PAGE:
How Can you Help Us Promote Motorcycle Safety? There are several ways to become involved with SMART. A few are listed below. If you have other talents or resources that you would like to share with SMART please contact us. These are currently both paid and voluntary positions, and those listed may not include all positions necessary to accomplish the goals of the program. Individuals serving in these positions are expected to be members of the program. Board members, or general program members, may serve in these positions.
Rider Coaches are the backbone of the Rider Course training system. During the Rider Coach Preparation Course you'll learn the nuts and bolts of teaching the MSF's Basic Rider Course (BRC). In some programs, your Rider Coach Preparation Course may include details of teaching the Experienced Rider Course (BRC-2). However, many programs prefer to provide your BRC-2 update at a later time, after you've gained experience teaching the BRC.
MSF certified Chief Instructors teach the course. These specially trained Instructors have completed the MSF's Chief Instructor Course and are authorized to train candidates for MSF Rider Course Coach certification.
You must be a licensed motorcyclist who currently rides on a frequent routine basis. You should have several years of varied riding experience. As a coach, you need good communications skills. As a coach, you'll be called upon to give your time to teach Rider Courses. Although you will get paid, you won't get rich in this field. A sincere desire to help reduce motorcycle accidents, injuries, and deaths is the prime motivator of MSF's Rider Course Coaches.
The course is approximately 65 hours long. Course schedules vary; you should plan on 7 to 10 days of intense training. As part of the course, you'll be required to pass a riding-skills test. It is the same test used in the BRC; however, the standards are higher for Instructor candidates. During the course, you'll learn how to manage the range exercises and how to evaluate and coach students as they develop their riding skills. At the end of the training portion of the course, you'll be given a knowledge test. You must pass it to continue in the program. The course culminates as you and your classmates teach a complete BRC to a group of new riders. Your teaching performance will be evaluated by the Chief Instructor. Successfully completing student teaching is your final requirement to qualify for MSF Rider Course Coach certification.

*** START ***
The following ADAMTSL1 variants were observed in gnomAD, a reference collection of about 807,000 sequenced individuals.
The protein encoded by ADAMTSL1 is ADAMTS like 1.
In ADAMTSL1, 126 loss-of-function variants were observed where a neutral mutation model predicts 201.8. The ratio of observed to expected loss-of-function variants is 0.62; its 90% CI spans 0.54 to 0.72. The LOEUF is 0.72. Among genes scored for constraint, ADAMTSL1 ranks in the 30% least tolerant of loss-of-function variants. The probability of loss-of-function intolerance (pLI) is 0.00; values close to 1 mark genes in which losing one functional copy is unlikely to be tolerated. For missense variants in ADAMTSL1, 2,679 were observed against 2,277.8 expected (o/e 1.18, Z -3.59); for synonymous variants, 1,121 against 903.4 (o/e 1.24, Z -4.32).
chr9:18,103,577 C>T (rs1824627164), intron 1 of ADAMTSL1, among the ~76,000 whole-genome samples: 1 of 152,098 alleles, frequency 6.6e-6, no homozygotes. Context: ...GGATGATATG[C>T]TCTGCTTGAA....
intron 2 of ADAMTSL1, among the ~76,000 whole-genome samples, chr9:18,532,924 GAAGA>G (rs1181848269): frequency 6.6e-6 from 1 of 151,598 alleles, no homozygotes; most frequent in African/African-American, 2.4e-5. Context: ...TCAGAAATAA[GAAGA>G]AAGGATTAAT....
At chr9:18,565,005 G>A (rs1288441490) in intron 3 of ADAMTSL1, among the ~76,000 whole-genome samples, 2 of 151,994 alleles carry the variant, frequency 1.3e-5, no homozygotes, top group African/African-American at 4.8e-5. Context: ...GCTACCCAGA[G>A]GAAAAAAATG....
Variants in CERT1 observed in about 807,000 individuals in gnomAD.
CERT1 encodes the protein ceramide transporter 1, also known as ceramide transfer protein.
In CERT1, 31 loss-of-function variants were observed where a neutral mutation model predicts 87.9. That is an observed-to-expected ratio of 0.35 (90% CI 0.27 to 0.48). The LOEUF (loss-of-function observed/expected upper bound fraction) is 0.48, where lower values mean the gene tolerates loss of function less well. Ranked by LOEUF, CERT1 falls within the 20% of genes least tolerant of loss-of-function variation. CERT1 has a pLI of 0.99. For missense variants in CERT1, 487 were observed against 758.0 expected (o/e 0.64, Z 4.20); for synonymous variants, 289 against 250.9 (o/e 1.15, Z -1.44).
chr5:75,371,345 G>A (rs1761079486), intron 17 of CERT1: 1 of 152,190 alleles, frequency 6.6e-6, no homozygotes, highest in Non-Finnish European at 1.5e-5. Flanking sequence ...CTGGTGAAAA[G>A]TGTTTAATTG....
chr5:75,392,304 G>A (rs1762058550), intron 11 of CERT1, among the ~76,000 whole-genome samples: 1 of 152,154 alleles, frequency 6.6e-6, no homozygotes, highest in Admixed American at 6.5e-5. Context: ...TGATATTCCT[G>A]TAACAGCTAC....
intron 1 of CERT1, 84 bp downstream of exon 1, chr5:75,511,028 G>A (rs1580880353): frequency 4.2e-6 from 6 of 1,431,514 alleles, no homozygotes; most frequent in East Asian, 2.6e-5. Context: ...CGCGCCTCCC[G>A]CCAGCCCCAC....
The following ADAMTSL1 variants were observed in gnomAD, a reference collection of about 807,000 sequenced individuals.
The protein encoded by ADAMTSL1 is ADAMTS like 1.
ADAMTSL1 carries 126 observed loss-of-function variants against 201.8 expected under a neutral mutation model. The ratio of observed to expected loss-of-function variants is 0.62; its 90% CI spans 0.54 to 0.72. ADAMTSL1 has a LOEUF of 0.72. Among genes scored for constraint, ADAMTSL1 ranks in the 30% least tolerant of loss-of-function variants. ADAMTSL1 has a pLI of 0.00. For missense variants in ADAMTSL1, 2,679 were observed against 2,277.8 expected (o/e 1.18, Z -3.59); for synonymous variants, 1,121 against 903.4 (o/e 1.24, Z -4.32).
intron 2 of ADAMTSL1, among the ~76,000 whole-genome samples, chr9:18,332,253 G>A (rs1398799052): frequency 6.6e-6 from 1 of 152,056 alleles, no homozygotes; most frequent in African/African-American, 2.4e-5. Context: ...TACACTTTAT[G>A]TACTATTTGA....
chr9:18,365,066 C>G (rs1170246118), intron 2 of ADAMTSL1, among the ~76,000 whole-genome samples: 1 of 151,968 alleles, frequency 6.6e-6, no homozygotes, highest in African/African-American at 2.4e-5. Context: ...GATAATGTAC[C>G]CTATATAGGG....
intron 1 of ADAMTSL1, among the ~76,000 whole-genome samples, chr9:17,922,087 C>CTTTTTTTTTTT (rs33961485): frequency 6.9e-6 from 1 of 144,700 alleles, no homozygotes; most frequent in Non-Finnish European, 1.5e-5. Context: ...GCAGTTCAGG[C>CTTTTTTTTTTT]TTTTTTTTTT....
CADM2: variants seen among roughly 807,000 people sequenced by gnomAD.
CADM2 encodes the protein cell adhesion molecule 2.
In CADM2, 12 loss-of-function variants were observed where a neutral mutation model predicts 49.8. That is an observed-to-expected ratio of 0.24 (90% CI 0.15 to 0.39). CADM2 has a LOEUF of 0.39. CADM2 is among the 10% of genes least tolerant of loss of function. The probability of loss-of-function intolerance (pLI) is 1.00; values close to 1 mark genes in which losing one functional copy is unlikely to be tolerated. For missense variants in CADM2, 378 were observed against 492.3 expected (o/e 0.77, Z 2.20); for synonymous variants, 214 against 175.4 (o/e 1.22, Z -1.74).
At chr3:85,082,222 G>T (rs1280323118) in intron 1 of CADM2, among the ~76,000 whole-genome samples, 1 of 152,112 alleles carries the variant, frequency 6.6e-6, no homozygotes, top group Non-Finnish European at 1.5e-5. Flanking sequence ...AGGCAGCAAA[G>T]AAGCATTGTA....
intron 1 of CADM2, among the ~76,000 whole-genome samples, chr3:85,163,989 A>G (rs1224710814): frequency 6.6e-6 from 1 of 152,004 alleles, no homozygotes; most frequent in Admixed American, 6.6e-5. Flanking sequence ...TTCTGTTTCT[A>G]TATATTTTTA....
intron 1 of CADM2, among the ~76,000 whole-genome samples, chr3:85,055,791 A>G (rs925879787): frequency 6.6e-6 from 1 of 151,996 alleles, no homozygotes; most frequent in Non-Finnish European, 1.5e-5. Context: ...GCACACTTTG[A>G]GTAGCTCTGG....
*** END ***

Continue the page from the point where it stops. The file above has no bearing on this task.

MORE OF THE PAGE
If you enroll in a course, go prepared to ride! Everyday! Required riding gear includes a DOT-approved helmet with eye protection, over-the-ankle, sturdy leather footwear; long pants; long-sleeved shirt or jacket; and full-fingered gloves (preferably leather). Be prepared to spend time during off-class hours studying. This is an intensive program that requires a lot of work and concentration. Do not enroll unless you can attend every class meeting. Because S.M.A.R.T., Inc. requires that you complete the BRC before entering the Instructor Preparation Course we will provide this to all Instructor candidates prior to the Instructor prep.
If you are interested in being a rider coach, please contact us for more information.
This individual may help the Site Coordinator and/or Instructor in setting up and maintaining a site, advertising for upcoming courses, taking care of administrative duties, maintaining motorcycles and equipment, or other tasks as directed by the Site Coordinator or Instructor. Range Aides are specifically assigned to assist the course instructor during range activities, and may do so by assisting with motorcycle maintenance, setting up cones, or other duties as directed by the instructor.
The Assistant or Range Aide is at no time responsible for classroom or range instruction, unless he or she is an MSF certified instructor. If you are interested in being a Range Aid, please contact us for more information.
A volunteer position with the primary responsibility of conducting pre and post course maintenance and repairs on the training motorcycles used in the program. Duties include routine maintenance tasks such as changing oil, changing spark plugs, greasing bearings, charging batteries, changing tires, adjusting chains, etc. The Motorcycle Maintenance Assistant shall coordinate with the Site Coordinator or other party who has the responsibility for motorcycle storage to schedule times to conduct maintenance. A log that includes the date and what maintenance is performed shall be maintained for each motorcycle. If you are interested in Bike Maintenance/Support, please contact us for more information.